DanburyWORKS received grant to assist people in need
Thursday, October 03, 2019 Time: 10:58 AM
Back in May, I wrote about DanburyWORKS, a city-wide collaborative dedicated to reducing the poverty rate in Danbury by 30 percent over the next ten years.
Today, the News-Times reports that the collective received a 22,000 dollar grant from Fairfield County’s Community Foundation to assist in their efforts...
A $22,000 grant will benefit a city-wide collaborative that helps lower-income residents.
The money will help with DanburyWORKs’s efforts to support the 50 percent of Danbury residents who live in poverty or struggle to make ends meet, according to a press release. The grant came from Fairfield County’s Community Foundation.
The organization also hopes the grant will encourage national foundations to support the collaborative, which includes as partners United Way of Western Connecticut and Danbury Public School’s Western Connecticut Regional Adult & Continuing Education, among others.
Today, Democratic Mayoral candidate Chris Setaro issued a press release attacking residential developers Toll Brothers and Woodlanbd Groups alleging that they prohibited “homeowners of speaking to government agencies against the developers.”
DANBURY, C.T. – Chris Setaro, the Democrat running for Mayor of Danbury, today took aim at efforts by developers to restrict homeowners’ first amendment rights. His campaign discovered language in warranty deeds that legally restrain homeowners and business owners from speaking publicly against developers about their projects.
A statutory warranty deed from Toll CT III for a home on Winding Ridge Way sold in 2016 includes a notice reading:
“As set forth in Paragraph 11 of a Warranty Deed from Woodland Group II LLC to WCI Communities, Inc. … the Grantees’ rights to object, appeal, otherwise influence, or take similar actions regarding the development of other parcels at The Reserve and other property is limited as more fully set forth in said Warranty Deed.”
Master Declaration of the warranty deeds for land in The Reserve reads as follows:
“Grantor conveys the Parcels and the Rights subject to, and by its acceptance of this warranty Deed, the Grantee agrees that it will not for itself, or cause any other entity or individual under its control to, with respect to the Property (as defined in the Master Declaration, as amended)... 1) object before any Commission or agency, 2) take an administrative appeal to a Commission, 3) commence an appeal or other type of lawsuit to a court with jurisdiction over the matter and/or 4) communicate with, or otherwise influence, any person working on behalf of a governmental agency…”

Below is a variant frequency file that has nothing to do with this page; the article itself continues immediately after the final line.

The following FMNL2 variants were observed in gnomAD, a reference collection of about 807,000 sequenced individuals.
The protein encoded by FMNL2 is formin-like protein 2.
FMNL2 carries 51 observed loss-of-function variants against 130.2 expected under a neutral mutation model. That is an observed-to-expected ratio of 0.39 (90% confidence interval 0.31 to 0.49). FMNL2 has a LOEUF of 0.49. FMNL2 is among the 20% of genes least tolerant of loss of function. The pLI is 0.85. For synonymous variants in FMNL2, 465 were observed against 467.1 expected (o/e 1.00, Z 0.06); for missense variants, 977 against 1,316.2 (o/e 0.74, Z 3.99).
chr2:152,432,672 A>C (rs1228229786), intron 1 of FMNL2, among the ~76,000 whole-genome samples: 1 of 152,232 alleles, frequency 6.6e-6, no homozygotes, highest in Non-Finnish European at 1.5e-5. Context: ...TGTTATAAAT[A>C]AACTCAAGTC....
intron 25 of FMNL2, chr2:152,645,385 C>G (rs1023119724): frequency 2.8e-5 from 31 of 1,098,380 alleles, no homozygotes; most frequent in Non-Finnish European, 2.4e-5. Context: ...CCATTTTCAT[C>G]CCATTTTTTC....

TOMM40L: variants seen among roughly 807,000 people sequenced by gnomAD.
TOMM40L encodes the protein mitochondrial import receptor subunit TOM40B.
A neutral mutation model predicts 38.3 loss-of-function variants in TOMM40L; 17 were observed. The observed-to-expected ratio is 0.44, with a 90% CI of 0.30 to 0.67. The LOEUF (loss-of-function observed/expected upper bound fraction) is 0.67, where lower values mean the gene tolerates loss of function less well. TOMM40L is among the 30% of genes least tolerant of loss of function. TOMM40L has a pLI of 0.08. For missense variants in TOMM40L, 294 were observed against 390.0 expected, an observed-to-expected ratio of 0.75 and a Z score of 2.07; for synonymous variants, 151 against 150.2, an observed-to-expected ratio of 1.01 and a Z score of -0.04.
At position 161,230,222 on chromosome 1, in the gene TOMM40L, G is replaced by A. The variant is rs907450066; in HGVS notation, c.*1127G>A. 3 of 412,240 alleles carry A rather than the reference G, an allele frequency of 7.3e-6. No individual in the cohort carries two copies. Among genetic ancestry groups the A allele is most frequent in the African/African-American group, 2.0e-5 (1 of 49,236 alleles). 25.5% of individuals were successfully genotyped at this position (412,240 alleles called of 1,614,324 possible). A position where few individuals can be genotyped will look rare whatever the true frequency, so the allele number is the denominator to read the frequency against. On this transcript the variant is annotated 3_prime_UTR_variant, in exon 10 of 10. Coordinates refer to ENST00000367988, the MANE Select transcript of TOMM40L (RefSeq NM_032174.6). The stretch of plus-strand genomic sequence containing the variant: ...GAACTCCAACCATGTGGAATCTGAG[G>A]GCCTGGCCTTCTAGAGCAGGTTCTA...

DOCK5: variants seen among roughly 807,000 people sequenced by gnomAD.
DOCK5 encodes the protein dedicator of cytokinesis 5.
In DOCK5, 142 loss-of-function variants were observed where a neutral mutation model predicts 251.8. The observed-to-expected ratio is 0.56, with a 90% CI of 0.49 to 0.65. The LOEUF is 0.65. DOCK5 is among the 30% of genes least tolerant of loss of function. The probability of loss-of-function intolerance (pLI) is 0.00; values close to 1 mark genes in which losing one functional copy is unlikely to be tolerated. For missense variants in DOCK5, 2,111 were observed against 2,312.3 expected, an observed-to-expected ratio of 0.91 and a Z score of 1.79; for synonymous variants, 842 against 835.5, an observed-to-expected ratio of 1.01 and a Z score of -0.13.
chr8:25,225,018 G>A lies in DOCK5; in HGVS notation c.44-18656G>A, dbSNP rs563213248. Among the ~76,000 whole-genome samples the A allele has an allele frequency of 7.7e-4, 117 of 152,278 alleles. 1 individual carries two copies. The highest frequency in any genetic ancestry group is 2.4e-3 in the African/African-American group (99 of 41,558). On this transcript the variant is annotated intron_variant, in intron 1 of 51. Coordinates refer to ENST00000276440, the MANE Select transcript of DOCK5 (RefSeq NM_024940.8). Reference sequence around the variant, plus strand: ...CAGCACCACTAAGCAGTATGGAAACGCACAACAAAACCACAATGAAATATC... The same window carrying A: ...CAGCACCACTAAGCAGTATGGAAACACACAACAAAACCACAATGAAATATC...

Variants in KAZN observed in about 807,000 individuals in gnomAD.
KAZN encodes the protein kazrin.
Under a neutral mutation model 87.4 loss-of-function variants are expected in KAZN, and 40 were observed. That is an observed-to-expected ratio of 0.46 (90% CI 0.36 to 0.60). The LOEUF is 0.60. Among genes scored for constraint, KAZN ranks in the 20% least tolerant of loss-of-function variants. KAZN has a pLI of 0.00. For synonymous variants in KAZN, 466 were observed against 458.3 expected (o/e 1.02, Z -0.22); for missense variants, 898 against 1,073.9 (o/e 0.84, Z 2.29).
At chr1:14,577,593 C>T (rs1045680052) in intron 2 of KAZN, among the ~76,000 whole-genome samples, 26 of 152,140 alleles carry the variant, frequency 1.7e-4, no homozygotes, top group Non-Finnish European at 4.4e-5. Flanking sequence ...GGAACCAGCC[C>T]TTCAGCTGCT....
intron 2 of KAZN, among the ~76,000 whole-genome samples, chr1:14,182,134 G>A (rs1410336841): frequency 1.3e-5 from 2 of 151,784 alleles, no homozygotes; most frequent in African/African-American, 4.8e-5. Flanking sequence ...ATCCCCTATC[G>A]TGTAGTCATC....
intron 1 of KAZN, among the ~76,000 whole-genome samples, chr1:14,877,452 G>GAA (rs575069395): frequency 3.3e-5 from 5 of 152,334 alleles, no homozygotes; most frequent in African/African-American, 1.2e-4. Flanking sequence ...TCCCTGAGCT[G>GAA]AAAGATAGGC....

The same language was used in a warranty deed pertaining to Hotel Zero.
“Manipulating homeowners and business owners into forfeiting their freedom of speech is wrong,” said Setaro. “This is a consumer protection issue and it’s not okay. We need a Mayor that can tell the difference. Sometimes there are moral issues that require the attention of elected officials and this is one of them. As Mayor I will oppose clauses of this type as a matter of public policy.”
04.25.22 (RADIO): WSHU Latino group call on Connecticut lawmakers to open a Danbury charter school
06.03.22 (OP-ED): KUSHNER: "Career Academy ‘a great deal for Danbury"
On September 26, 2007, ten plaintiffs filed suit in response to an arrest of aday laborers at a public park in Danbury, Connecticut. Plaintiffs amended their complaint on November 26, 2007.
The amended complaint states that plaintiffs sought to remedy the continued discriminatory and unauthorized enforcement of federal immigration laws against the Latino residents of the City of Danbury by Danbury's mayor and its police department.
Plaintiffs allege that the arrests violated their Fourth Amendment rights and the Connecticut Constitution because defendants conducted the arrests without valid warrants, in the absence of exigent circumstances, and without probable cause to believe that plaintiffs were engaged in unlawful activity. In addition, plaintiffs allege that defendants improperly stopped, detained, investigated, searched and arrested plaintiffs. Plaintiffs also allege that defendants violated their Fourteenth Amendment rights when they intentionally targeted plaintiffs, and arrested and detained them on the basis of their race, ethnicity and perceived national origin. Plaintiffs raise First Amendment, Due Process and tort claims.
Plaintiffs request declaratory relief, damages and attorneys fees.